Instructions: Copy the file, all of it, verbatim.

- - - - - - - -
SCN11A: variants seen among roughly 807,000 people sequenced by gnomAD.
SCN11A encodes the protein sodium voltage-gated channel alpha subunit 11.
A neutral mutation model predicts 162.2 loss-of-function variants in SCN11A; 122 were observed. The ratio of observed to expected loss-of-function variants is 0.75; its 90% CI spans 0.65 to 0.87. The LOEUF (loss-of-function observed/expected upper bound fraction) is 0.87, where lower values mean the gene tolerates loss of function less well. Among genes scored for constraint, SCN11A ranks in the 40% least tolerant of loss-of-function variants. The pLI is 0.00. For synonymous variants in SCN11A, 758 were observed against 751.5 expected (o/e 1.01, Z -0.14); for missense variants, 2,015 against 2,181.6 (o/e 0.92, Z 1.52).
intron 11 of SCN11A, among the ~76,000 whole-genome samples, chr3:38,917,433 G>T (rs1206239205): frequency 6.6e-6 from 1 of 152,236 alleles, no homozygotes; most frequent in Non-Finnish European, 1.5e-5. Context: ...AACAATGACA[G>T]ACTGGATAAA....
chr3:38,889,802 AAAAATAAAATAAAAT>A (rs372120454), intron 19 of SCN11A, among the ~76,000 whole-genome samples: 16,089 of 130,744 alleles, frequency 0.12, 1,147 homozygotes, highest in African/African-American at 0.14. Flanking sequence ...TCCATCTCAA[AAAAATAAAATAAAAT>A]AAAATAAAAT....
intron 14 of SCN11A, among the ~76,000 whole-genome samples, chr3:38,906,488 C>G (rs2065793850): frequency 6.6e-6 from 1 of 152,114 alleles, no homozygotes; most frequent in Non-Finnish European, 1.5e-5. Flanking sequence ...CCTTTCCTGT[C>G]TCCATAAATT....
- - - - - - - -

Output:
SCN11A: variants seen among roughly 807,000 people sequenced by gnomAD.
SCN11A encodes the protein sodium voltage-gated channel alpha subunit 11.
A neutral mutation model predicts 162.2 loss-of-function variants in SCN11A; 122 were observed. The ratio of observed to expected loss-of-function variants is 0.75; its 90% CI spans 0.65 to 0.87. The LOEUF (loss-of-function observed/expected upper bound fraction) is 0.87, where lower values mean the gene tolerates loss of function less well. Among genes scored for constraint, SCN11A ranks in the 40% least tolerant of loss-of-function variants. The pLI is 0.00. For synonymous variants in SCN11A, 758 were observed against 751.5 expected (o/e 1.01, Z -0.14); for missense variants, 2,015 against 2,181.6 (o/e 0.92, Z 1.52).
intron 11 of SCN11A, among the ~76,000 whole-genome samples, chr3:38,917,433 G>T (rs1206239205): frequency 6.6e-6 from 1 of 152,236 alleles, no homozygotes; most frequent in Non-Finnish European, 1.5e-5. Context: ...AACAATGACA[G>T]ACTGGATAAA....
chr3:38,889,802 AAAAATAAAATAAAAT>A (rs372120454), intron 19 of SCN11A, among the ~76,000 whole-genome samples: 16,089 of 130,744 alleles, frequency 0.12, 1,147 homozygotes, highest in African/African-American at 0.14. Flanking sequence ...TCCATCTCAA[AAAAATAAAATAAAAT>A]AAAATAAAAT....
intron 14 of SCN11A, among the ~76,000 whole-genome samples, chr3:38,906,488 C>G (rs2065793850): frequency 6.6e-6 from 1 of 152,114 alleles, no homozygotes; most frequent in Non-Finnish European, 1.5e-5. Flanking sequence ...CCTTTCCTGT[C>G]TCCATAAATT....